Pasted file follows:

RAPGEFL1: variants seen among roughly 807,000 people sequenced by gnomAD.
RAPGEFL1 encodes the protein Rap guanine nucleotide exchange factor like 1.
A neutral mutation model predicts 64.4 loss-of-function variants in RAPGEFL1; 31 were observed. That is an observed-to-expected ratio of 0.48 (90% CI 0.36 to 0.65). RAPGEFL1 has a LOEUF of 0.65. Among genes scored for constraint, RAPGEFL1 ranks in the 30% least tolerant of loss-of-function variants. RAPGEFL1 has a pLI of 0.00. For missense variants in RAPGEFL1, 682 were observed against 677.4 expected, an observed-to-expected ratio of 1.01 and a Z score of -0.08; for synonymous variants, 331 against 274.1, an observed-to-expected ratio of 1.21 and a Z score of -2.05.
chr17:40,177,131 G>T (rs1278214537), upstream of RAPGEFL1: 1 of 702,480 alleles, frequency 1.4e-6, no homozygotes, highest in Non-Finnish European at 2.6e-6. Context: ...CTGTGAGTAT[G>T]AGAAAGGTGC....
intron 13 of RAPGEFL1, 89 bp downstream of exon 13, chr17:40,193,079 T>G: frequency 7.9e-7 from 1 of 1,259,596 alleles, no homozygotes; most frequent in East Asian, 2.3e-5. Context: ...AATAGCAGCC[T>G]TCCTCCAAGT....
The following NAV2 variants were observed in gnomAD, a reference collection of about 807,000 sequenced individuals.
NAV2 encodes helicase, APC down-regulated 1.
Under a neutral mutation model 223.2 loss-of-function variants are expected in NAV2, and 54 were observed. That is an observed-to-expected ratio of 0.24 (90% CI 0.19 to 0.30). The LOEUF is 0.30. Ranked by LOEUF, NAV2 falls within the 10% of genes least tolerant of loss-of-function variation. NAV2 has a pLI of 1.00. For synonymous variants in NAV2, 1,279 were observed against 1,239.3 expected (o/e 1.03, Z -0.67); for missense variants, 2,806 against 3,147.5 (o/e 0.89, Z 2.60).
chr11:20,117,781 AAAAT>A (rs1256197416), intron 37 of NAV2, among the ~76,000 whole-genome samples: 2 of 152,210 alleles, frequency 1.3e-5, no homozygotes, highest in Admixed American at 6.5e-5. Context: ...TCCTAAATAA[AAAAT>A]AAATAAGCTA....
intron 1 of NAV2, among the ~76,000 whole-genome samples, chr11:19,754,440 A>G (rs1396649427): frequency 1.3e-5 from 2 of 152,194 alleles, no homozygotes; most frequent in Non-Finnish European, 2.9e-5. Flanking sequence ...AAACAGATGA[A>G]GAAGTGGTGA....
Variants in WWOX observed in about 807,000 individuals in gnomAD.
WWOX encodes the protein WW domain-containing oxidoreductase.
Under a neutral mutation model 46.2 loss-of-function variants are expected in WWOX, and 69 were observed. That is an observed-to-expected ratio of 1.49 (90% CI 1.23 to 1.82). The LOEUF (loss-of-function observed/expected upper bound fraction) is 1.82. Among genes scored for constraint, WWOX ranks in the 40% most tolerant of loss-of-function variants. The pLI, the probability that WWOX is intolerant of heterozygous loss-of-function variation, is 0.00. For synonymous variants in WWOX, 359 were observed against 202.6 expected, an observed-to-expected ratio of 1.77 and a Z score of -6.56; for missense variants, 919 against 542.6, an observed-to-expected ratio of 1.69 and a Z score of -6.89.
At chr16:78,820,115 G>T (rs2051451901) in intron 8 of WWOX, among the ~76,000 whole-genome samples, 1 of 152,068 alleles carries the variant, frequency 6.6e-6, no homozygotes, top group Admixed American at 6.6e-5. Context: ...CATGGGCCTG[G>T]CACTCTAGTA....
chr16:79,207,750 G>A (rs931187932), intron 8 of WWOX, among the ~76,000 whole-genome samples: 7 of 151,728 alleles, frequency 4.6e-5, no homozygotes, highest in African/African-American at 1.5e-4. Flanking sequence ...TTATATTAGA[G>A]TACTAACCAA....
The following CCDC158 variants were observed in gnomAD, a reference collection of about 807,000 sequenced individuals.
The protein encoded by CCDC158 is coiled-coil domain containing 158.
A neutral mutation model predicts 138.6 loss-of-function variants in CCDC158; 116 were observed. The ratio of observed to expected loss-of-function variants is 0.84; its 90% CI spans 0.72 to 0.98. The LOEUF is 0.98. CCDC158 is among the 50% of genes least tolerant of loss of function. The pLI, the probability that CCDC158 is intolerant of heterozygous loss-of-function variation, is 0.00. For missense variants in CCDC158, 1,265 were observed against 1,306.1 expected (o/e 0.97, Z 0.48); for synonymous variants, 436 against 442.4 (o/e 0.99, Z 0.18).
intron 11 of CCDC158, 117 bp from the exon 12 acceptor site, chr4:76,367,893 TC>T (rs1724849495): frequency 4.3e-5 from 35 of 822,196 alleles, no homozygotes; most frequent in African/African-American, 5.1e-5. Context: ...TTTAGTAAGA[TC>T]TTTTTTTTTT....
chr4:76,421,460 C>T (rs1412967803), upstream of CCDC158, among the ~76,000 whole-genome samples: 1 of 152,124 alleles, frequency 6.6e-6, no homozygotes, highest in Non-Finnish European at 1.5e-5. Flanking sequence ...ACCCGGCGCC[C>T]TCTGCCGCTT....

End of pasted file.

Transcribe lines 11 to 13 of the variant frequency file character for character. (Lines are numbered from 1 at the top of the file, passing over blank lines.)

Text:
Variants in WWOX observed in about 807,000 individuals in gnomAD.
WWOX encodes the protein WW domain-containing oxidoreductase.
Under a neutral mutation model 46.2 loss-of-function variants are expected in WWOX, and 69 were observed. That is an observed-to-expected ratio of 1.49 (90% CI 1.23 to 1.82). The LOEUF (loss-of-function observed/expected upper bound fraction) is 1.82. Among genes scored for constraint, WWOX ranks in the 40% most tolerant of loss-of-function variants. The pLI, the probability that WWOX is intolerant of heterozygous loss-of-function variation, is 0.00. For synonymous variants in WWOX, 359 were observed against 202.6 expected, an observed-to-expected ratio of 1.77 and a Z score of -6.56; for missense variants, 919 against 542.6, an observed-to-expected ratio of 1.69 and a Z score of -6.89.